4. Refer to the search analytics report inside GSC to see how people arrive on your collection pages. Select the “Page” filter to view how a collection generates organic traffic. Are there frequently used terms that can be adapted into the collection? While you don’t want to have a navigation link like “Natural Face Products”, use these researched terms in its URL, title tags, and other on-page optimizations. From my analysis, “Body & Hair” generates 10% of the traffic compared to “Face” or “Shave”. The search queries show different intent (body lotion v shampoo) so they could be broken into two. The “Kit” collection gets zero traffic. A keyword analysis of the page using Google Keyword Tool gives keyword ideas that are not highly relevant. A lack of relevant intent can indicate a product-to-market miss-match.
  5. Conduct user-testing. Use Hotjar to view heatmap data. Run HITs on Mechanical Turk asking people to find a product to test alterations. Visual Website Optimizer has heatmaps and more to investigate how people interact with the navigation. If you are an established site, a split-test is wise. Google Analytics enhanced link attribution can also be insightful.

If you are a large store with diverse collections, your job is more complex. I suggest you do mass amounts of keyword research from multiple tools including Advanced Web Ranking (AWR) and couple the data with total search volume gathered from Google. You can manually cluster the search terms into groups, run a top-ranking report in AWR, then use the VLOOKUP function in Excel to see the performance of collections. Only bother with this advanced strategy if you have time, interest, or a big-ass 10 million-dollar store.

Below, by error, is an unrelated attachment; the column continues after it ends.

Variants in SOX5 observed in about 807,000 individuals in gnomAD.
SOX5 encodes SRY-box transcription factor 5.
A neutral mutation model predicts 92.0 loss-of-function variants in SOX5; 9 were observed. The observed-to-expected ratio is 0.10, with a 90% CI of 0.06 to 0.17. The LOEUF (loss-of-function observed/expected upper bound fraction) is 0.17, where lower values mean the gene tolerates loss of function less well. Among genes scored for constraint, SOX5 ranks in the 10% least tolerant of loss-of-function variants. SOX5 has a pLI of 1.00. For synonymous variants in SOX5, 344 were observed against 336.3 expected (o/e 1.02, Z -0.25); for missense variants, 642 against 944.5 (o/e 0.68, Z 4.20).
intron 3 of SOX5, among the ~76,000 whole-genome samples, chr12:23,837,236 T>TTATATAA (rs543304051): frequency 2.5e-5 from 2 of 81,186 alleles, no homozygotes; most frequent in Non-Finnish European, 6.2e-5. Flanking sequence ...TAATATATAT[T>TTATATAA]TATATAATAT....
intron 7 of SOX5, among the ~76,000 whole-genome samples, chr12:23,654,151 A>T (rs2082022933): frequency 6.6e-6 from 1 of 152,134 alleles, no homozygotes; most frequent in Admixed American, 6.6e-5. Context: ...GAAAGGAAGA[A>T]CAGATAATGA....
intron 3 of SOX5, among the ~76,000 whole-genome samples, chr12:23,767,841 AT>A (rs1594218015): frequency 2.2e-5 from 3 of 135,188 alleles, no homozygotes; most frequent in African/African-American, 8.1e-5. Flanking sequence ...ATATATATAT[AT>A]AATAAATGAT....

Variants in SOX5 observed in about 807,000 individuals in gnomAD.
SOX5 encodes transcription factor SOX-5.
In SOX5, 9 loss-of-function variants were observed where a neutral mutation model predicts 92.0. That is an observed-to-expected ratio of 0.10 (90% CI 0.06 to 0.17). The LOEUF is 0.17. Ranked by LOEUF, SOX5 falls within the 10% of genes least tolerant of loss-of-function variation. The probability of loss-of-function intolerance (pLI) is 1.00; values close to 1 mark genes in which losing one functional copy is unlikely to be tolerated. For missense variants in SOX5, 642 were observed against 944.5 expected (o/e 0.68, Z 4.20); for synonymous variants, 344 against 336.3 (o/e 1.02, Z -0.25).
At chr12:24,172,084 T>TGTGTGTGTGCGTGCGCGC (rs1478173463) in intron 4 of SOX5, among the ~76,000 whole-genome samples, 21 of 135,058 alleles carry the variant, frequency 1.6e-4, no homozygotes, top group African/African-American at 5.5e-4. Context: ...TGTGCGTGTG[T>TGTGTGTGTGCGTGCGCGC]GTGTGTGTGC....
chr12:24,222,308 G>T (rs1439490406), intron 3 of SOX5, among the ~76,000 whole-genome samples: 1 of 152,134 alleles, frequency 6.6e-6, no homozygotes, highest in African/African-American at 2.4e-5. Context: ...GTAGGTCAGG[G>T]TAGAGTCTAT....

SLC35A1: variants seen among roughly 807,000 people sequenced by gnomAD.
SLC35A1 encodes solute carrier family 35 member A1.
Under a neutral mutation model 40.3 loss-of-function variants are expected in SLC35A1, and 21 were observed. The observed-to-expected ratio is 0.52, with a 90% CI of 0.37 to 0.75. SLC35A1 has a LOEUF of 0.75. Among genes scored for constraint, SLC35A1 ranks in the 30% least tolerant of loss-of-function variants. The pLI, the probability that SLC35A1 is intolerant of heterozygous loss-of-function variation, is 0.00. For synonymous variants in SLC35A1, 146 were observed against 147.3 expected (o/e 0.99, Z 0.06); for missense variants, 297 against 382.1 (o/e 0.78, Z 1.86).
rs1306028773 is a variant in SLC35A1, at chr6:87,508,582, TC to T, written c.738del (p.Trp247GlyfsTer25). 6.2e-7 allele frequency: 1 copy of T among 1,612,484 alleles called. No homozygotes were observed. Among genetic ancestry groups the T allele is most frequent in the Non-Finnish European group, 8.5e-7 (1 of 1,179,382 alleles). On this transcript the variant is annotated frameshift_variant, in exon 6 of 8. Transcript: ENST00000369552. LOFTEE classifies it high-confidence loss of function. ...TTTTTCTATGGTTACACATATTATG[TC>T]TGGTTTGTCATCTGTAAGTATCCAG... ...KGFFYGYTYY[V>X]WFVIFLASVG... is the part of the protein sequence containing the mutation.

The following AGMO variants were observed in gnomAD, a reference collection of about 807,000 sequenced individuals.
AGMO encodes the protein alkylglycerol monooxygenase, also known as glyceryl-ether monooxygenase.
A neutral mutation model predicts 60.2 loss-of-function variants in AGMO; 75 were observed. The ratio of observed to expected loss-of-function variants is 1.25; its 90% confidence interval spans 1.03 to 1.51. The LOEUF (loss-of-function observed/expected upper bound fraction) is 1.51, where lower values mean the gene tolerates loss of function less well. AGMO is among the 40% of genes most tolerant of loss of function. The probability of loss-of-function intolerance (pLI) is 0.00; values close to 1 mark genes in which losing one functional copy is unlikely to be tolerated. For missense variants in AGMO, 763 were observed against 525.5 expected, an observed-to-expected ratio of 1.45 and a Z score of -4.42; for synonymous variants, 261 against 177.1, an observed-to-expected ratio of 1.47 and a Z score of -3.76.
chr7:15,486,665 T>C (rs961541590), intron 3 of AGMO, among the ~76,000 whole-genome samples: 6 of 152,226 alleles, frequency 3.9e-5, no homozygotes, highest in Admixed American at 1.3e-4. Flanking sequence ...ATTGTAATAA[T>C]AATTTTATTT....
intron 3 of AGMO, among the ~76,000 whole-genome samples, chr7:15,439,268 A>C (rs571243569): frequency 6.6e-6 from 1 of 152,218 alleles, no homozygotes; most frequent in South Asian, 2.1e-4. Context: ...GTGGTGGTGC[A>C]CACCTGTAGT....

2. Sitemap Status

In GSC, go to “Crawl” > “Sitemaps”. Is there a sitemap? If not, submit yours. You only need to submit the primary sitemap.xml file:

Sitemap submission in Shopify is not about telling Google you have a sitemap. Google will find the store’s sitemap from its mention in the robots.txt file. The submission is about helping you identify errors and warnings:

Sitemap warnings

3. Domain Canonicalization

Canonicalization refers to unifying pages when there are multiple. One suggested version of a page fights duplicate content and builds link value. Any Shopify store can have three to five versions:


Test each of the non-www, www, HTTPS, and myshopify versions of your domain. You can ignore the HTTPS version if you do not use SSL. All versions need to redirect to one.

What canonicalized version should you use? Every store should use use HTTPS. As for non-www or www, neither is better for SEO. The non-www version looks cleaner. You can setup page canonicalization in Shopify under “Online Store” > “Domains” then select “Redirect all traffic to this domain”:

Redirect all to this domain Shopify

4. rel canonical

The rel canonical tag on a page tells search engines the preferred version of a page you want indexed. The tag is critical for stores with variants and collections because these circumstances alter the URLs. When a variant is selected, a query string like ?variant=8354282245 is appended to the end of a URL. Whenever a product is in one collection, Shopify creates a new URL for the product.

If the shaving cream product is in two collections, it has two collection URLs and a main product address like:

A Screaming Frog scan is the fastest way to review canonicalizations. The screenshot below shows three products that have a canonicalized version different to the primary URL:

Shopify canonicalization